[Source: Ken Alltucker, Arizona Republic] — A lender is seeking to foreclose on the Viad Corporate Center, a high-rise office tower on Central Avenue in Phoenix, the latest example of the region’s commercial real-estate woes. Bank of America has asked a Maricopa County Superior Court judge to appoint a receiver for the signature tower at 1850 N. Central Ave. The lender said the building’s owner has not kept current since December on a $65 million loan. A spokesman for Costa Mesa-based real-estate investment firm McCarthy Cook & Co., the building’s owner, declined to comment on the lender’s action.
The ownership group, MCC/I&G Viad Office Tower Owner LLC, acquired the 478,000-square-foot tower near the height of the Valley’s real-estate boom in 2006 for about $105 million. At the time, the office tower was nearly full. Yet occupancy has dipped to less than 80 percent with significant leases expiring next year.
BofA said in court documents that, since December, the building’s owner has not paid interest, tax and insurance escrows, late charges and other fees. Viad’s owners owed more than $3.9 million in back payments and fees as of January. With BofA seeking an accelerated repayment per the loan’s terms, the debt has escalated to over $81.2 million in principal, fees and other costs, the lender said in court documents. BofA wants the court to appoint San Diego-based Trigild Inc. as the building’s receiver. Trigild specializes in distressed-property management, receivership and loan recovery. [Note: Read the full article at Bank of America moves to foreclose on Viad Tower in midtown Phoenix.]
One of the last flower growers of Japanese descent on Baseline Road, where in the old days of Phoenix you could know it was spring by driving Baseline and seeing row upon row of flowers. Development encroaches in the film; in reality it closed several years ago and soon will be housed over.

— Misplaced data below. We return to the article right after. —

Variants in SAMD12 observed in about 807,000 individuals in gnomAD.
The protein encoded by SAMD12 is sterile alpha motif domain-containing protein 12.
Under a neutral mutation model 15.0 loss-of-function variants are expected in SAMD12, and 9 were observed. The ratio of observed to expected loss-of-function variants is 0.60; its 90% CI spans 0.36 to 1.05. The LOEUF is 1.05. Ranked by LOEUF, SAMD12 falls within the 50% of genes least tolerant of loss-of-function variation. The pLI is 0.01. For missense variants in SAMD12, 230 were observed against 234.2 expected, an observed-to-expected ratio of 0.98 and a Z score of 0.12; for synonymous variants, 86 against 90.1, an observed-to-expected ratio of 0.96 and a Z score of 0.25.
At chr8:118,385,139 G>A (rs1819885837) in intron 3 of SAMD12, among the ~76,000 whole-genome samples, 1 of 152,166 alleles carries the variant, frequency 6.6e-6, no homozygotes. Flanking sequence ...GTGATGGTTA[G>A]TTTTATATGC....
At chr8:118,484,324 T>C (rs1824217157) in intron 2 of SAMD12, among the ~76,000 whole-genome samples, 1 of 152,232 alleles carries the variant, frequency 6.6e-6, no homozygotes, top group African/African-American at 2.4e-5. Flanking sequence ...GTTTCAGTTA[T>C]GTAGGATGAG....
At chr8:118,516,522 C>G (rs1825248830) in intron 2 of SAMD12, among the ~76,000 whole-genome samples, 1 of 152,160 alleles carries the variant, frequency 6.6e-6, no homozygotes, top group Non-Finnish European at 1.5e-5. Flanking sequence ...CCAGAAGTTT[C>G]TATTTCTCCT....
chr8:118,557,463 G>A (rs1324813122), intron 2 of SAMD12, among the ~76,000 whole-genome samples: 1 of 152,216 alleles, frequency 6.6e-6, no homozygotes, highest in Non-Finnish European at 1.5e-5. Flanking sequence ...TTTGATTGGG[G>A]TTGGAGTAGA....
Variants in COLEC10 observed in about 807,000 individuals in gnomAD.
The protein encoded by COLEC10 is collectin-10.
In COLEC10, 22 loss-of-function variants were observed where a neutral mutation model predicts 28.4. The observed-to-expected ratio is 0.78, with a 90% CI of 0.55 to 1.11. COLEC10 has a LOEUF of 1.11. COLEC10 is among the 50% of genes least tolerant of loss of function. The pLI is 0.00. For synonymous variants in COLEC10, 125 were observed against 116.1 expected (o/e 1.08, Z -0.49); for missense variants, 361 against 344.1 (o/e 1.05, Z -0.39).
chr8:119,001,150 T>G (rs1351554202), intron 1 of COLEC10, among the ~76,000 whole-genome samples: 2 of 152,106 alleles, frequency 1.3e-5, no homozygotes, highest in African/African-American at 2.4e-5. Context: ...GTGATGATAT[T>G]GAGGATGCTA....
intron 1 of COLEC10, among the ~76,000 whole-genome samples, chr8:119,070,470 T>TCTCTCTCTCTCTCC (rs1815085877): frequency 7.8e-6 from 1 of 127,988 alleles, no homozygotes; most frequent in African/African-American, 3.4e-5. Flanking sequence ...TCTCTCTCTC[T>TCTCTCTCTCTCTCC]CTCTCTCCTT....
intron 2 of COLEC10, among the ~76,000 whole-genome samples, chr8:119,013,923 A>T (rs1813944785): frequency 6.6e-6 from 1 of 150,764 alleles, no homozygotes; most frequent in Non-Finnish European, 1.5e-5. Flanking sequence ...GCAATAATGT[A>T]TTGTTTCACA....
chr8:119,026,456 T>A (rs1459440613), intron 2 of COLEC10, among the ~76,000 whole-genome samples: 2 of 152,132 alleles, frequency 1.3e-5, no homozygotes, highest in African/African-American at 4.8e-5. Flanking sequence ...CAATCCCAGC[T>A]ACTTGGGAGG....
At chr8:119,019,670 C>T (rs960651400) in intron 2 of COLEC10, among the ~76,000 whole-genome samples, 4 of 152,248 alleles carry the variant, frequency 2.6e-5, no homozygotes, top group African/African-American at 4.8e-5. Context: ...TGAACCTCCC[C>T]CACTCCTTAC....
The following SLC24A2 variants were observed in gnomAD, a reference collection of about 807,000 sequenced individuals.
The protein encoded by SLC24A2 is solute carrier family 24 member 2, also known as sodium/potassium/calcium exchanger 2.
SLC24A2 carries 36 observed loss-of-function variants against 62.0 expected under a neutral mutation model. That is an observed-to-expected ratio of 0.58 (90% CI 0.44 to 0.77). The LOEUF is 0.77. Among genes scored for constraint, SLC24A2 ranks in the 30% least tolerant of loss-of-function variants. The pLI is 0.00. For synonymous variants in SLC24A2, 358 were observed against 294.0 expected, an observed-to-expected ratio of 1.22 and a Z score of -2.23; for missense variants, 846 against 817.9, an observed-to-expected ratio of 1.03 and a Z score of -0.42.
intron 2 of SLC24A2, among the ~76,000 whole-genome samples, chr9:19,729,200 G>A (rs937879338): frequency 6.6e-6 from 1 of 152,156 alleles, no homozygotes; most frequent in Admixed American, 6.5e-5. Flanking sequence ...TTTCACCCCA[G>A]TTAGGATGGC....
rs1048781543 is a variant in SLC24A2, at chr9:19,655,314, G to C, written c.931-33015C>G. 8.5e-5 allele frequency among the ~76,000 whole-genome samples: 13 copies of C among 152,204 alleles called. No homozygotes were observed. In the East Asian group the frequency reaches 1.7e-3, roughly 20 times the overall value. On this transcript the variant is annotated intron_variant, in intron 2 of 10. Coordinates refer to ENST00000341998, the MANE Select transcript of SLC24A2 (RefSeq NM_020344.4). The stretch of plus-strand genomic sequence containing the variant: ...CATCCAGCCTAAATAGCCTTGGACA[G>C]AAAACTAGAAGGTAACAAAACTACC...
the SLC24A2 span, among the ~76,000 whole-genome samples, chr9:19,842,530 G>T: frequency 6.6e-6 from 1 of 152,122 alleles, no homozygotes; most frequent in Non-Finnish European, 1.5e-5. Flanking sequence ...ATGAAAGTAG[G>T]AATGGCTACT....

- Date: Tuesday, June 30, 2009
- Time: 8 p.m. (doors at 7:45 p.m.)
- Place: Modified Arts, 407 E. Roosevelt, Phoenix
- Admission: $6 ($1 off with student ID)
Combining nostalgia, dazzling architecture, pop culture, economics, and politics, “Malls R Us” examines North America’s most popular and profitable suburban destination — the enclosed shopping center — and how for consumers they function as a communal, even ceremonial experience and, for retailers, sites where their idealism, passion, and greed merge.
The Urban Land Institute, which bills itself as a non-profit education and research institute that focuses on the use of land in order to enhance the total environment, will hold a December 16 webinar for developers who have to, HORRORS!, deal with neighbors.
The ULI PR flacks lament that “Great plans and projects often collapse in the face of NIMBY opposition and the reluctance of public officials to make controversial or unpopular decisions.” (Hmmm, maybe if they were indeed “great plans and projects” that respected “the total environment,” community and political support wouldn’t be so hard to gain.)
At the seminar you’ll get “practical how-to knowledge” to put together your own outreach and lobbying plans. You’ll learn how to assess politicians’ decision-making styles and communications biases; avoid or manage hostile audiences; minimize community resistance; and turn pro-project attitudes into pro-project action.
For your registration fee of $100 to $165, you’ll learn:
- The three steps to avoid and manage hostile audiences.
- The four steps to mobilize overt expressions of public support for your project.
- How to minimize and manage the four causes of community resistance to land use proporsals (sic).
- How to develop and implement customized lobbying plans to get the “yes” vote from public officials.
What ULI and developers apparently haven’t learned themselves is “people support what they help to create.” It didn’t take $100 to $165 for that bit of advice.